Frank Yallop, Chicago Fire Head Coach and Director of Soccer
On where the team needs to go from here
“Tough one. Déjà vu from the last home game we had. Should have four more points than we’ve got. The team kept going, fighting and that’s good. It feels empty because of the way we have put a lot of effort into the games we’ve had and you don’t get rewarded for it. I think we’ve played pretty well, created some good chances today, had another chance in the last dying seconds to win it and we didn’t. We deserved to win. We had some good performances today. Overall, I can’t fault the guys for effort.“
On quality of penalty and Mike Magee not taking it
“It wasn’t a good penalty kick. Mike missed his last one. Jeff scored a penalty this season. I’m 50 yards away, I can scream whatever I want, it’s up to them to sort it out and who’s taking it, and they decided Juan is taking it”
On the referee and Quincy Amarikwa’s second yellow card
“Didn’t touch him. It’s maybe a foul on Quincy, he’s not diving. He gets run into and he goes down. I can’t comment on the referee, but he’s wasn’t good. He missed some plays that were important in this match.”
On the morale of the team
“Nope, It’s fine. We know we should have won two more games, maybe three, but we haven’t. It’s not like we have fumbled through the game. I thought we played well today. I thought we played well, we dominated. They had some spells, they’re a good team. But you look at the chances and stuff that we did, it’s just disappointing that we don’t have a win.”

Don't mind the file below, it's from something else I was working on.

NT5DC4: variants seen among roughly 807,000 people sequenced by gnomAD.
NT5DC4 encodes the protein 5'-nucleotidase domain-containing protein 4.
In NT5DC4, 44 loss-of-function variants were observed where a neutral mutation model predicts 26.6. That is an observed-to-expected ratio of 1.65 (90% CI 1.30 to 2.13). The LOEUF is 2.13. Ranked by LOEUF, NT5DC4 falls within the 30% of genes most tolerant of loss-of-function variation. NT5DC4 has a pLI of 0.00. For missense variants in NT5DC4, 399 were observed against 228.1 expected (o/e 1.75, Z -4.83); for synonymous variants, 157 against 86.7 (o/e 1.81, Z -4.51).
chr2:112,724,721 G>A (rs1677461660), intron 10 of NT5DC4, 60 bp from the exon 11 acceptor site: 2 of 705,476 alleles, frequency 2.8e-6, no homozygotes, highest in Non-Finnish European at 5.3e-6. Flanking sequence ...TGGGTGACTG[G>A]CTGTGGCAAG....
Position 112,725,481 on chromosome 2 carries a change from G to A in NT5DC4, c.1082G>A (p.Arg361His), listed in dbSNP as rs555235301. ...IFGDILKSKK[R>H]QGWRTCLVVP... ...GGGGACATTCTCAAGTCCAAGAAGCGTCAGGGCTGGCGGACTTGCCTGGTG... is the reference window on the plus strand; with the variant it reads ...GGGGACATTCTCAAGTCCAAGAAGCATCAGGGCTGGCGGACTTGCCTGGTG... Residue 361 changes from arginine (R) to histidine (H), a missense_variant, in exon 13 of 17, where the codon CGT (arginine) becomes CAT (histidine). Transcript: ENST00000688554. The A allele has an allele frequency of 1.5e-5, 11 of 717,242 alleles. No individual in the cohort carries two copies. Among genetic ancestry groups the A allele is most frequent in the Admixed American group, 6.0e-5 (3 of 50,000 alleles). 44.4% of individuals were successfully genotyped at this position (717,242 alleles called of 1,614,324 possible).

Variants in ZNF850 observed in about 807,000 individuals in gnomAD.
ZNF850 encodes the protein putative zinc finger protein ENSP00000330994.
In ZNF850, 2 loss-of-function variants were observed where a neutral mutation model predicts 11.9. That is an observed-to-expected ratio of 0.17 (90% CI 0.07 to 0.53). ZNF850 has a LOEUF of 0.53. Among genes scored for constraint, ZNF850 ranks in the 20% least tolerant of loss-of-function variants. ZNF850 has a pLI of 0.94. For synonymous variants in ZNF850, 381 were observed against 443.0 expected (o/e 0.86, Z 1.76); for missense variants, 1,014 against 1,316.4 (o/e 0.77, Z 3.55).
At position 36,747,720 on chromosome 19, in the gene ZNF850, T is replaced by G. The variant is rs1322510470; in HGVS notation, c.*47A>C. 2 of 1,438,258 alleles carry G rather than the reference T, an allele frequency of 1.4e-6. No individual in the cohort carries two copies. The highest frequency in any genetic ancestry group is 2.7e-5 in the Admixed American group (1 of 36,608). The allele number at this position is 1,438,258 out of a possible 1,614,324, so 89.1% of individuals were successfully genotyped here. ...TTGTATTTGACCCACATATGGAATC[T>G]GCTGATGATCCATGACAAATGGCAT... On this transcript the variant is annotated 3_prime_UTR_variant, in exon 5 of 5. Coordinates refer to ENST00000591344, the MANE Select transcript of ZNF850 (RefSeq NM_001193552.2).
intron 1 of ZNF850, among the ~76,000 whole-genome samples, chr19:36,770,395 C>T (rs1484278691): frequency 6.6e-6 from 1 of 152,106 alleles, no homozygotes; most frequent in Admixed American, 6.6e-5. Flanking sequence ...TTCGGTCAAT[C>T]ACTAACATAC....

On the missing piece to get over that hump
“The missing piece is ice-cold finishing in the last seconds of a game. Away from home it’s difficult to win matches, but at home you got to win. That’s how you get your points and do well on the year. We’ve had two games, and there is no time left on the clock, and we have a penalty kick. The players know that it is important to score that. It’s just a shame we haven’t gotten the points for the performances we’ve had. It’s a long season, but you can’t keep falling behind the guys ahead of you.”